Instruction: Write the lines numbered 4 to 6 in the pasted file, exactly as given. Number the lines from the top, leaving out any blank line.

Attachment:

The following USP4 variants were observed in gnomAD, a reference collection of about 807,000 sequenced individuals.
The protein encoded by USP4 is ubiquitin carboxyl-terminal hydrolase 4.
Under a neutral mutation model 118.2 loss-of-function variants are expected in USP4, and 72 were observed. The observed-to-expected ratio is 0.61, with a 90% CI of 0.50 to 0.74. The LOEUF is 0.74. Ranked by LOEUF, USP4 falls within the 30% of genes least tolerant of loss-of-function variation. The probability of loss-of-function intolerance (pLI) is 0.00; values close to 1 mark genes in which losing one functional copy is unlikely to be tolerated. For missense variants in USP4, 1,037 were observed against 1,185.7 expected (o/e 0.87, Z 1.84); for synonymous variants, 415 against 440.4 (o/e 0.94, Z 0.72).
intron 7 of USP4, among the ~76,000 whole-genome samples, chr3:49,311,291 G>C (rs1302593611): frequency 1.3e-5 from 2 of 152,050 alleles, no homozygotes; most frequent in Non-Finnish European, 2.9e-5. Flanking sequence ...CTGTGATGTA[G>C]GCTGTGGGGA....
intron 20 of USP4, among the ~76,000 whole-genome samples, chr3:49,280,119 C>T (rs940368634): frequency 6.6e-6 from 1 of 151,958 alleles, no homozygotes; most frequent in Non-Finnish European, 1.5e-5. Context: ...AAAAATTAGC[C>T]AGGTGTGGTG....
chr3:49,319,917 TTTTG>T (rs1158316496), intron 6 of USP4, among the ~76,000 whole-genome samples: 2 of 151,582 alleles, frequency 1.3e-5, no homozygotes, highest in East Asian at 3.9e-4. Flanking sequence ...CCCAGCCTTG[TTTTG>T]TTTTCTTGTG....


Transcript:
intron 7 of USP4, among the ~76,000 whole-genome samples, chr3:49,311,291 G>C (rs1302593611): frequency 1.3e-5 from 2 of 152,050 alleles, no homozygotes; most frequent in Non-Finnish European, 2.9e-5. Flanking sequence ...CTGTGATGTA[G>C]GCTGTGGGGA....
intron 20 of USP4, among the ~76,000 whole-genome samples, chr3:49,280,119 C>T (rs940368634): frequency 6.6e-6 from 1 of 151,958 alleles, no homozygotes; most frequent in Non-Finnish European, 1.5e-5. Context: ...AAAAATTAGC[C>T]AGGTGTGGTG....
chr3:49,319,917 TTTTG>T (rs1158316496), intron 6 of USP4, among the ~76,000 whole-genome samples: 2 of 151,582 alleles, frequency 1.3e-5, no homozygotes, highest in East Asian at 3.9e-4. Flanking sequence ...CCCAGCCTTG[TTTTG>T]TTTTCTTGTG....